I’m in the final stretch of the 2nd Edition of Secrets of Word-of-Mouth Marketing. I’ll be publishing drafts of sections and chapters here. The final is due on July 31. Those of you who would like a preview can find it as it appears here — just subscribe to this blog via newsletter or newsreader.
This is very difficult for me to do. I’ve been taught all my life to polish, then publish. Part of me is screaming that I have to polish for the next two months, get it as good as I can, then submit it, let the editors improve it, approve the edits, then wait until the Fall when the final masterpiece comes out, neatly bound and beautifully designed. That’s what I did the first time. My publisher, AMACOM, wouldn’t let me publish on a web site any significant parts of the book before, during or after publication. It was understandable then, before the Word-of-Mouth Revolution, before the soft coup that put the customer in charge. Really in charge, in ways outlined in the book. Who knew, then, that giving away free PDF files of a book would increase sales? OK, Seth Godin did, but no one else believed that it could happen again. And again. And again
So, when AMACOM wanted a 2nd Edition, I asked my agent, Wendy Keller to set up a meeting with Hank Kennedy, President of AMACOM, and my editor, Ellen Kadin. I told Wendy that I wasn’t interested in revising the book unless I could market it using Word-of-Mouth Marketing, not just the traditional marketing I was understandably forced into with first book, having no leverage as a first-time author. I’d rather change it completely and self-publish. Wendy was highly skeptical about our chances of getting a traditional publisher to give permission to do it the way I proposed. I had my doubts, but had nothing to lose, since in this case I was the customer and the customer is in charge. I now had alternatives. Anyway, I prepared my case and we assembled in Hank’s office.
I wish I had a recording of that most extraordinary meeting. To the best of my recollection, here’s what happened:
I got about 30 seconds into my pitch when Hank interrupted. He said, “OK, when can we have it?”
Taken aback, I blurted out, “Is that a ‘Yes’?” He nodded. Even more dumbfounded, I said, “You mean you’re not even going to give me a fight? You’re going to deprive me of the pleasure of at least an intense discussion?”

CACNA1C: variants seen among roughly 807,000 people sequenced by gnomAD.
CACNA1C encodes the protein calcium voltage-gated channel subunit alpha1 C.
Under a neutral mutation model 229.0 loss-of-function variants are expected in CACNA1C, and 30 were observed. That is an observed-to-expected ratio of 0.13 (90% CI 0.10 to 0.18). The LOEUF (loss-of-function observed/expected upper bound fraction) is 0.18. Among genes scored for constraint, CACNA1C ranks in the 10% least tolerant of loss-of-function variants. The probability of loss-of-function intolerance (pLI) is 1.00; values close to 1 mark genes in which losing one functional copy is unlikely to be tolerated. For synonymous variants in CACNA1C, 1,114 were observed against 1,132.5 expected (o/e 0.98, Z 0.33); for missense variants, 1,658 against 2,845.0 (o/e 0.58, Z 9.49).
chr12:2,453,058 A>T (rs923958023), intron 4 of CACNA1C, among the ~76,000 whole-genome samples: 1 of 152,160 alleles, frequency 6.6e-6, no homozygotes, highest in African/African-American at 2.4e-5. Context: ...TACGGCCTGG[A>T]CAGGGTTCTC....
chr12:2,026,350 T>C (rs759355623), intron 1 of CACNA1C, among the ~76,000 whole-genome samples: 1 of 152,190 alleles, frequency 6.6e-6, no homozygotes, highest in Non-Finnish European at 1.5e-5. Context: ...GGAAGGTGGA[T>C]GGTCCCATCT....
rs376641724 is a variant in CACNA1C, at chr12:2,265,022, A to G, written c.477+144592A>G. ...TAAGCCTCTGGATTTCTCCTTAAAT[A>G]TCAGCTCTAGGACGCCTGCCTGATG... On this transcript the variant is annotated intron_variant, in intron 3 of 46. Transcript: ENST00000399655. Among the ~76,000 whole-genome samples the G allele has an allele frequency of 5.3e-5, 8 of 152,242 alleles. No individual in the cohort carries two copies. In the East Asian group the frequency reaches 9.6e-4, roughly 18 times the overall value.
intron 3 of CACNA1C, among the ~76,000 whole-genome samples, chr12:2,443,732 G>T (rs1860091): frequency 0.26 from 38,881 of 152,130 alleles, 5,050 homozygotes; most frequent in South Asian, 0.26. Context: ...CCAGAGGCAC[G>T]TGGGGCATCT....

I don’t remember his exact words, but he pointed out that he wasn’t exactly living in a cave, unaware of what is going on in publishing, media and the rest of the world. He pointed out the obvious, that he was president of a major publisher of business books, books that he actually reads and is proud of. He knew that the world had changed. That it was obvious him that what I was proposing was the ONLY way to bring this book out and that it would be hypocritical to do it any other way. I was so amazed that I don’t remember anything else that happened.
I didn’t put as much up on the web site as I had hoped. It was easier to write privately than to expose first drafts to criticism. While I kept telling clients to “put it out there,” I was still reluctant to do it myself. I came to realize how my clients feel when they don’t even want to get together informal groups of customers to serve as an advisory group. It’s really scary to invite criticism. Our creations are precious little children that we want to protect from the harsh realities of the outside world. But they are also works in progress that are shaped and improved by the outside world much more often than they are trampled. I think I’m over it. I think that somewhere between the people who tweet every passing thought that occurs to them in the shower and waiting until things are “perfect” lies a vast middle ground that we can all be happy with, or at least tolerate, and maybe even come to love. I’m still uncomfortable. Old habits die hard.
There is a lot in life that is simple but not easy.
Welcome to the New Marketing.
The next post will have the actual table of contents.
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